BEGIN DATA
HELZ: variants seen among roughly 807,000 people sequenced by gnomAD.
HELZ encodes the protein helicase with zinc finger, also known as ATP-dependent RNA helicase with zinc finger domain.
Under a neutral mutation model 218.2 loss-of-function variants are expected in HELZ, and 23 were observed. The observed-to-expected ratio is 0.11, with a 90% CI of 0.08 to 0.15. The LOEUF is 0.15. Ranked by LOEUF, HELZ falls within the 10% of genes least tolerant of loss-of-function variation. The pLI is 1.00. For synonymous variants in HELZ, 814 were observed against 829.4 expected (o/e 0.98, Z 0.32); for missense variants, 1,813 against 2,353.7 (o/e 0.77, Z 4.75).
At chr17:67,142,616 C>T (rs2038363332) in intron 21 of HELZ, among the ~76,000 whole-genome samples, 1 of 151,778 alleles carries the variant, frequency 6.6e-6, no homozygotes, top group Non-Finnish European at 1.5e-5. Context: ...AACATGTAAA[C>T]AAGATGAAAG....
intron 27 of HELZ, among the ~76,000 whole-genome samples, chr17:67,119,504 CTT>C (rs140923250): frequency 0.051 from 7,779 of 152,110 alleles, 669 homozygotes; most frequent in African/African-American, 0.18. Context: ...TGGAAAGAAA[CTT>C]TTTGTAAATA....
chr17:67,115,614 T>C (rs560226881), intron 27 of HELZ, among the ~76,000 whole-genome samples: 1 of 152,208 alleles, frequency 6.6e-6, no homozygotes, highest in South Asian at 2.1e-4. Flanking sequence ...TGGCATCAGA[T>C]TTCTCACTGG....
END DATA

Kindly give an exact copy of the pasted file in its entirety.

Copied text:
HELZ: variants seen among roughly 807,000 people sequenced by gnomAD.
HELZ encodes the protein helicase with zinc finger, also known as ATP-dependent RNA helicase with zinc finger domain.
Under a neutral mutation model 218.2 loss-of-function variants are expected in HELZ, and 23 were observed. The observed-to-expected ratio is 0.11, with a 90% CI of 0.08 to 0.15. The LOEUF is 0.15. Ranked by LOEUF, HELZ falls within the 10% of genes least tolerant of loss-of-function variation. The pLI is 1.00. For synonymous variants in HELZ, 814 were observed against 829.4 expected (o/e 0.98, Z 0.32); for missense variants, 1,813 against 2,353.7 (o/e 0.77, Z 4.75).
At chr17:67,142,616 C>T (rs2038363332) in intron 21 of HELZ, among the ~76,000 whole-genome samples, 1 of 151,778 alleles carries the variant, frequency 6.6e-6, no homozygotes, top group Non-Finnish European at 1.5e-5. Context: ...AACATGTAAA[C>T]AAGATGAAAG....
intron 27 of HELZ, among the ~76,000 whole-genome samples, chr17:67,119,504 CTT>C (rs140923250): frequency 0.051 from 7,779 of 152,110 alleles, 669 homozygotes; most frequent in African/African-American, 0.18. Context: ...TGGAAAGAAA[CTT>C]TTTGTAAATA....
chr17:67,115,614 T>C (rs560226881), intron 27 of HELZ, among the ~76,000 whole-genome samples: 1 of 152,208 alleles, frequency 6.6e-6, no homozygotes, highest in South Asian at 2.1e-4. Flanking sequence ...TGGCATCAGA[T>C]TTCTCACTGG....